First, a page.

TIMESTAMP WITH LOCAL TIME ZONE is another variant of TIMESTAMP. It differs from TIMESTAMP WITH TIME ZONE as follow: data stored in the Database is normalized to Database TIME ZONE, and TIME ZONE offset is not stored as part of column data. When users retrieve data, Oracle Database returns it to users' LOCAL session TIME ZONE. TIME ZONE offset is the difference between LOCAL TIME and UTC. Specify TIMESTAMP WITH LOCAL TIME ZONE data type as follow: fractional_seconds_precision is optional and specifies the number of digits in the fractional part of the SECOND datetime field. There is no literal for TIMESTAMP WITH LOCAL TIME ZONE, but TIMESTAMP literals and TIMESTAMP WITH TIME ZONE literals can be insert into the TIMESTAMP WITH LOCAL TIME ZONE column. The default DATE format for TIMESTAMP WITH LOCAL TIME ZONE is determined by the value of NLS_TIMESTAMP_FORMAT initialization parameter.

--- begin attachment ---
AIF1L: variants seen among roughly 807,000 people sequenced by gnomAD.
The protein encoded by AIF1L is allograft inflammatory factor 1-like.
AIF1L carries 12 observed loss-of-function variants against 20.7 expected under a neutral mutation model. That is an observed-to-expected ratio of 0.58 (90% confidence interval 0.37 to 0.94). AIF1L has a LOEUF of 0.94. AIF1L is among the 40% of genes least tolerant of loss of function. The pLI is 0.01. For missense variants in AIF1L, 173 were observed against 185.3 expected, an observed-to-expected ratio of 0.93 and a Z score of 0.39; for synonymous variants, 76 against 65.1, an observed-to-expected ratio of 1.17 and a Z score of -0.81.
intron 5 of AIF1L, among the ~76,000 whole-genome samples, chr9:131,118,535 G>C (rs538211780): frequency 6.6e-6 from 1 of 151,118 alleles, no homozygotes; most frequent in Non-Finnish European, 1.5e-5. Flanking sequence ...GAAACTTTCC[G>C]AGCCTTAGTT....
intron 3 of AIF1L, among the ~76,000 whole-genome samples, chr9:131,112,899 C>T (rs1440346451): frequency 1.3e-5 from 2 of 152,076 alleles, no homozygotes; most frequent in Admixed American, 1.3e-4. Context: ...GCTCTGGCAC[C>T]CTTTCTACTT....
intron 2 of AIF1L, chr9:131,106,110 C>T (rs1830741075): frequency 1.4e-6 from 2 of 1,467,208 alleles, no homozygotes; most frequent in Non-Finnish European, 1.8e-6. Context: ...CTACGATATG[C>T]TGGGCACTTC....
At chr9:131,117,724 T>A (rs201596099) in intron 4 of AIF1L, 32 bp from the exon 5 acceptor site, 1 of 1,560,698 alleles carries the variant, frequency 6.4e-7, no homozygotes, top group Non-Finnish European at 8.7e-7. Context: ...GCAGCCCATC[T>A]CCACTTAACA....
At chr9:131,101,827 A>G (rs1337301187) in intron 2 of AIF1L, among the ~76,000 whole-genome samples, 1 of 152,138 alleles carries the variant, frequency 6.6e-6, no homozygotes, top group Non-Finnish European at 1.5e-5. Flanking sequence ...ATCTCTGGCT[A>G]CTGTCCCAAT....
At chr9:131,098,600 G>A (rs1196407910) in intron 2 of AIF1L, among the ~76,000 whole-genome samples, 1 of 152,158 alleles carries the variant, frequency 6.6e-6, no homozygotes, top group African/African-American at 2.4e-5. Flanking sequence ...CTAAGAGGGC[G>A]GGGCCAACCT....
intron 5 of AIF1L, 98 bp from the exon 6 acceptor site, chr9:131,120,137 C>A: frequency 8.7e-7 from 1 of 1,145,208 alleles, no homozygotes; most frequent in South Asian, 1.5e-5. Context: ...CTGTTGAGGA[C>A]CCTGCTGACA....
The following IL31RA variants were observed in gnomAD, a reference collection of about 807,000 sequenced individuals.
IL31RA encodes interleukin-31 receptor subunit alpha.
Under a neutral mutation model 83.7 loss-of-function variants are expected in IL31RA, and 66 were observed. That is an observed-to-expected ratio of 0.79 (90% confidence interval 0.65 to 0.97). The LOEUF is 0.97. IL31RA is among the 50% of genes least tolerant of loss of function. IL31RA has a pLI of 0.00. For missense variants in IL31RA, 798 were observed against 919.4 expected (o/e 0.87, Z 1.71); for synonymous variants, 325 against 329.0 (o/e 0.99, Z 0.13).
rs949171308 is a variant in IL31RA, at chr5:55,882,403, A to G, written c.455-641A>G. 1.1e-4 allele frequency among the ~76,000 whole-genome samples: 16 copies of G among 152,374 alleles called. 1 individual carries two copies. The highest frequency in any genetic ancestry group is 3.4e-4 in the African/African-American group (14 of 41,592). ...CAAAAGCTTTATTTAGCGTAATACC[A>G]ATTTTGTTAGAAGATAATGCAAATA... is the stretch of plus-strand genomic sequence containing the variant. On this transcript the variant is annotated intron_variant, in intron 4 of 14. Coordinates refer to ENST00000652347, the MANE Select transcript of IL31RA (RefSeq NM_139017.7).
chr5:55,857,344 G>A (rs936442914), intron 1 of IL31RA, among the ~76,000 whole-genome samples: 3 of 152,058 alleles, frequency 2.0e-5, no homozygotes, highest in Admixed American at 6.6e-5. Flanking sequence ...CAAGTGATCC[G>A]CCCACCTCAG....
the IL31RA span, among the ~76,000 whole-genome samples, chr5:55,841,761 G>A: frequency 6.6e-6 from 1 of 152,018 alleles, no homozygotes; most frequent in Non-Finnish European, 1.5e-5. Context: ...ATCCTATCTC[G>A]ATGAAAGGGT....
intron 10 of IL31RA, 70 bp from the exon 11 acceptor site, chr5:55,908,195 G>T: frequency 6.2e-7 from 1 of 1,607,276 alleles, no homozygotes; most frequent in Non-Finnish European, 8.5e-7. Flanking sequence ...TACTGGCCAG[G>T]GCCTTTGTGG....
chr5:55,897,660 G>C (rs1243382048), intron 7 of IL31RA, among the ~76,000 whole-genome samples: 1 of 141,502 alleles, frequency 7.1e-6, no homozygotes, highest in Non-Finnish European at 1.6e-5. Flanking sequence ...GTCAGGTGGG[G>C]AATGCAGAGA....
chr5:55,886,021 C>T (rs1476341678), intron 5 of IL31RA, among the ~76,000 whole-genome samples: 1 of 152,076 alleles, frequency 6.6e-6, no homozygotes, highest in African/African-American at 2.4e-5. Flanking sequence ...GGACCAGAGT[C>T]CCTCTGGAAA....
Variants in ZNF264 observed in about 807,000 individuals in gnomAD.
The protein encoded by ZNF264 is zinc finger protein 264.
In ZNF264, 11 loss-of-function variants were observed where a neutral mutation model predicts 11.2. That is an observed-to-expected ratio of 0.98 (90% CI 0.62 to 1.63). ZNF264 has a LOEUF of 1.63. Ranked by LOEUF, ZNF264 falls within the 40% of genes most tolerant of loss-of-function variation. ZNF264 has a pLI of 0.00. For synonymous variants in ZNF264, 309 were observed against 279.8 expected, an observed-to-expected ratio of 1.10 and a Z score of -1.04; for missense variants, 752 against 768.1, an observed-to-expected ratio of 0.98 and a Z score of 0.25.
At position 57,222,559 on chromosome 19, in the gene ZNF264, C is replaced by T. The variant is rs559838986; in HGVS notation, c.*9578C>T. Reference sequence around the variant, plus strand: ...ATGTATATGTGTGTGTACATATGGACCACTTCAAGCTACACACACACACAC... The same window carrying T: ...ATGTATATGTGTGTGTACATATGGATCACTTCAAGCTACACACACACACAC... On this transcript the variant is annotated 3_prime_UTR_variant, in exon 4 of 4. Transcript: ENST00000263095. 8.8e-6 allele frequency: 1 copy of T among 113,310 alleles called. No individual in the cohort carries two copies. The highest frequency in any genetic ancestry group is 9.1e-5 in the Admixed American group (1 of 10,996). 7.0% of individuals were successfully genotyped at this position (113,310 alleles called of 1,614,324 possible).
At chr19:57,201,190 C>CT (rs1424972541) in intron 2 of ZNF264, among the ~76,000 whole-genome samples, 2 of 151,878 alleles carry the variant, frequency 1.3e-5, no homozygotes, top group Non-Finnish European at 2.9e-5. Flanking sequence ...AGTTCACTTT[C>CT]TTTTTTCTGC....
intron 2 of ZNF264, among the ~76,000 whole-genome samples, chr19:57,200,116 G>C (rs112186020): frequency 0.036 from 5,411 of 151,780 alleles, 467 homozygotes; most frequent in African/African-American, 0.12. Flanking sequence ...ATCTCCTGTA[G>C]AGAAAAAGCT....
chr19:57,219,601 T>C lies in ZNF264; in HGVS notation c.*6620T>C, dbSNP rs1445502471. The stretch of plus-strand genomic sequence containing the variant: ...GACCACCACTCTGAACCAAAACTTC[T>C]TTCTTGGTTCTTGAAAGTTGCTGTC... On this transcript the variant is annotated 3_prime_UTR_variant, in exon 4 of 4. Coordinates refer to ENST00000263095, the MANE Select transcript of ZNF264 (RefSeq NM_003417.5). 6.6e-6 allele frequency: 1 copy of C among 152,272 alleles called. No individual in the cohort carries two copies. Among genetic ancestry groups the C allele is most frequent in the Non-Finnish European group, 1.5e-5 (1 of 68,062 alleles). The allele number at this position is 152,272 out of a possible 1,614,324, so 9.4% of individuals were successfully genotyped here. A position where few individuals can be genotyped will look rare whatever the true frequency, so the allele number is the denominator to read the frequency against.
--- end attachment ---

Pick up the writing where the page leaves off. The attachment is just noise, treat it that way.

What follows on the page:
* Please keep in mind that all text is machine-generated, we do not bear any responsibility, and you should always get advice from professionals before taking any actions.

Table 4-1 Datetime Functions Designed for the DATE Datatype

FunctionDescription
ADD_MONTHSReturns the date d plus n months
LAST_DAYReturns the last day of the month that contains date
MONTHS_BETWEENReturns the number of months between date1 and date2
NEW_TIMEReturns the date and time in zone2 time zone when the date and time in zone1 time zone are date . Note: This function takes as input only a limited number of time zones. You can have access to a much greater number of time zones by combining the FROM_TZ function and the datetime expression.